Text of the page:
I obviously think about improving all symptoms, but at the same time, it’s also important to heal the lining of the gut. This is because it's the healing of the lining of the gut that prevents future flares of the disease and future disease progression. Likewise, I’m also keen to make sure that every impact that IBD has had on a patient’s life (including their ability to work, their ability to exercise, their fatigue levels, their mood, and even their personal relationships) is reversed. Hence, treatment for IBD is very holistic.


In terms of the strategies that be used, they’re very much dependent on the location and the severity of the disease. These can include tablets, injections, and infusions.


Most of the treatments used for IBD aim to suppress the immune reaction (the response of the immune cells in the gut) to the gut bacteria. The treatments can be very broad-acting, such as drugs like steroids which are very effective but do have a range of side effects, or, many of the newer targeted therapies that are able to improve disease by blocking a single inflammatory pathway and therefore be more effective and also safer.


The correct therapy for each individual patient will depend very much on the location and the severity of the disease, but also on the factors relating to the patient, such as their age, any pre-existing illnesses, any treatments that they may be on, the stage of their life and how the disease is currently affecting them. Treatment for IBD is very much a personalised process.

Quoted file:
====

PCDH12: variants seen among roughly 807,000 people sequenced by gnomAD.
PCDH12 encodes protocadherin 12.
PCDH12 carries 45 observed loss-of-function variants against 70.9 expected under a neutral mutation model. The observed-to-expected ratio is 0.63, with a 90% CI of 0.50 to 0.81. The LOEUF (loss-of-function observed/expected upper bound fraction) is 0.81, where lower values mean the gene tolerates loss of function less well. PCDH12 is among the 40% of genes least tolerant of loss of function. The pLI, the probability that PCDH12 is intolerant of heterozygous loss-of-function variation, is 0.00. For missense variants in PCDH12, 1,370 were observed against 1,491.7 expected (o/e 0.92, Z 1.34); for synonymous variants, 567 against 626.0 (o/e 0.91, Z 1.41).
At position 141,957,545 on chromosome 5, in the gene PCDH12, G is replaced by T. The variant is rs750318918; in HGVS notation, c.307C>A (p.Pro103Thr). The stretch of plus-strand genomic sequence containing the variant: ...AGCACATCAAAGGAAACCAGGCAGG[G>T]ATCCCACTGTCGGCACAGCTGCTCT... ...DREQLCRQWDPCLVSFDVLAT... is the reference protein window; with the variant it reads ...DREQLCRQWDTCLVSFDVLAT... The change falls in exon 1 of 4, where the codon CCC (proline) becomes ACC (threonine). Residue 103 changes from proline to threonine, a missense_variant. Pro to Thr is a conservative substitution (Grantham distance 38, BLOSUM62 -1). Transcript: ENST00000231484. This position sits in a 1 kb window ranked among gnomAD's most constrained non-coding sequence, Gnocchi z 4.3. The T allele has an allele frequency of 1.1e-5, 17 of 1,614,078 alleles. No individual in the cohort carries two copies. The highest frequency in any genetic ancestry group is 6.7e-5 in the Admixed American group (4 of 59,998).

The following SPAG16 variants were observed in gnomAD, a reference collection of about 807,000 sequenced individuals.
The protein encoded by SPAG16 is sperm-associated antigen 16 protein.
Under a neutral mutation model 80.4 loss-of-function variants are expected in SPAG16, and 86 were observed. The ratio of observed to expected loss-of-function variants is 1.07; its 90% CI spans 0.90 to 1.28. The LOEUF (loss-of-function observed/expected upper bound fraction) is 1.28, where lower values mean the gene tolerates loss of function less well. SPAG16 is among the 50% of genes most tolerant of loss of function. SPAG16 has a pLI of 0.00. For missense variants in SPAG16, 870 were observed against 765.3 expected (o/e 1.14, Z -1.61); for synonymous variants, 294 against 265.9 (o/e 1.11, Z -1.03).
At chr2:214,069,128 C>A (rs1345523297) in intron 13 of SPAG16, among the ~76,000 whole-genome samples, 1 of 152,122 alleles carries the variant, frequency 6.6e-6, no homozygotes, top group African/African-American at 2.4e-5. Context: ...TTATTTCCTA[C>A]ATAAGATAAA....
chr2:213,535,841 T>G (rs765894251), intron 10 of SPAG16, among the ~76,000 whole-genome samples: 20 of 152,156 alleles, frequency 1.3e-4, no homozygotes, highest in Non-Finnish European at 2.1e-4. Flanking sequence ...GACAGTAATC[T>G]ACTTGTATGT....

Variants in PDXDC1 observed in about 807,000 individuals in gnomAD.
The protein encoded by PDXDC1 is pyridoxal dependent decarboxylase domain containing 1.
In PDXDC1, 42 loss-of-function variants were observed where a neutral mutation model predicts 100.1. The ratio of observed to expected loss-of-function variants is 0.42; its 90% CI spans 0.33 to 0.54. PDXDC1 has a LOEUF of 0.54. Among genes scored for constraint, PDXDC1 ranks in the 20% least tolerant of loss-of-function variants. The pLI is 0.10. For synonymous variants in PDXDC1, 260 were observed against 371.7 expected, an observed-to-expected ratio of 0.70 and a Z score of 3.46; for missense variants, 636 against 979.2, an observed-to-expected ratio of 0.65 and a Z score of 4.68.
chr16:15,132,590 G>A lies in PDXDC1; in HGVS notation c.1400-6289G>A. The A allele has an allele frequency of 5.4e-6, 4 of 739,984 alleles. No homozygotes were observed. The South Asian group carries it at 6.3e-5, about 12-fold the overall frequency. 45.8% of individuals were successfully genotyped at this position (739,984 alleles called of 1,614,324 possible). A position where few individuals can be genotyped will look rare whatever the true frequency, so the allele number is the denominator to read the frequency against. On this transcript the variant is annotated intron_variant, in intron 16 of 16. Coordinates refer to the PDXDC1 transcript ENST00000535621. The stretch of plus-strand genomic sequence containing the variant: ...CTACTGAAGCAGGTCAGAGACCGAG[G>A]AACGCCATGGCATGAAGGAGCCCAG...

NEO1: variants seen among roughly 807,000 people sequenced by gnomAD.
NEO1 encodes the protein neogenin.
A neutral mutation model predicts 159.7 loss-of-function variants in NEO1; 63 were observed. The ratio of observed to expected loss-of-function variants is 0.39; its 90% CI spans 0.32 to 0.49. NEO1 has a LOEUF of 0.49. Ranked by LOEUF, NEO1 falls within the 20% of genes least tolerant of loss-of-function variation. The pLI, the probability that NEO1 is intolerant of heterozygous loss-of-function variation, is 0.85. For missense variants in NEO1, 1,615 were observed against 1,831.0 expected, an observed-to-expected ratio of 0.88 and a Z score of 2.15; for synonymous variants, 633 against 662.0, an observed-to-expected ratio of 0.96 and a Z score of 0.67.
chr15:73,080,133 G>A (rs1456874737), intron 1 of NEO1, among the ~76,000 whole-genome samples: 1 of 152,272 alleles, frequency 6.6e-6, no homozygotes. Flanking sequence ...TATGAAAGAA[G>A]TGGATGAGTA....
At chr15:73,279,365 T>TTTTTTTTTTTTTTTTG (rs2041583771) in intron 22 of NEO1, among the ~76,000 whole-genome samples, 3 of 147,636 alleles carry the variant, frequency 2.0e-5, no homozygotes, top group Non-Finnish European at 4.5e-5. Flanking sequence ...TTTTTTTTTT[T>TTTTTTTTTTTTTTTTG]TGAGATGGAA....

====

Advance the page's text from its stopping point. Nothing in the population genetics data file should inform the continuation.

Can modifications to diet be beneficial?


There are some very specific circumstances where diet can be used to improve inflammatory disease activity. That's only in Crohn's disease, and traditionally, it's a very short-term treatment that's used as a bridge to alternative treatments. This is mainly because the diet involves cutting out the majority of normal foods and replacing them with milkshake-like drinks where the food is already digested.


It’s no surprise to know that what we eat affects how our gut feels and what symptoms we get. Hence, yes, modifications to diet can improve symptoms, both when the disease is active and when the disease is dormant. However, the important thing to remember is that by modifying our diet and improving our symptoms, we may not actually be improving the activity of the disease. It is for this reason, that this kind of strategy always goes hand-in-hand with some form of medical treatment.



Professor James Lindsay is a distinguished consultant gastroenterologist with 25 years’ experience in his field.


If you require expert diagnosis and treatment for IBD, do not hesitate to book an appointment with Professor Lindsay via his Top Doctors profile today.

By Professor James Lindsay

Professor James Lindsay is a renowned consultant gastroenterologist based in London, who specialises in the treatment of digestive issues such as inflammatory bowel disease (IBD), irritable bowel syndrome (IBS) and acid reflux. In his twenty-five years of experience, he has also gained bowel cancer colonoscopy accreditation from the National Screening Centre.

After graduating with a degree in medical sciences from the University of Cambridge, Professor Lindsay went on to qualify from the University of Oxford as a bachelor of medicine as well as surgery. He achieved his PhD in mucosal immunology from Imperial College London in 2002, before completing his fellowship with the Royal College of Physicians in 2008.

In addition to his professional experience, he is also passionate about learning and governance in his field. He has been both education officer and governing board member of the European Crohn’s and Colitis Organisation (ECCO). He is currently a member of the International Organisation of IBD (IOIBD) and a national representative for the British Society of Gastroenterology.

He regularly leads pioneering clinical trials and has both written and contributed to numerous medical publications.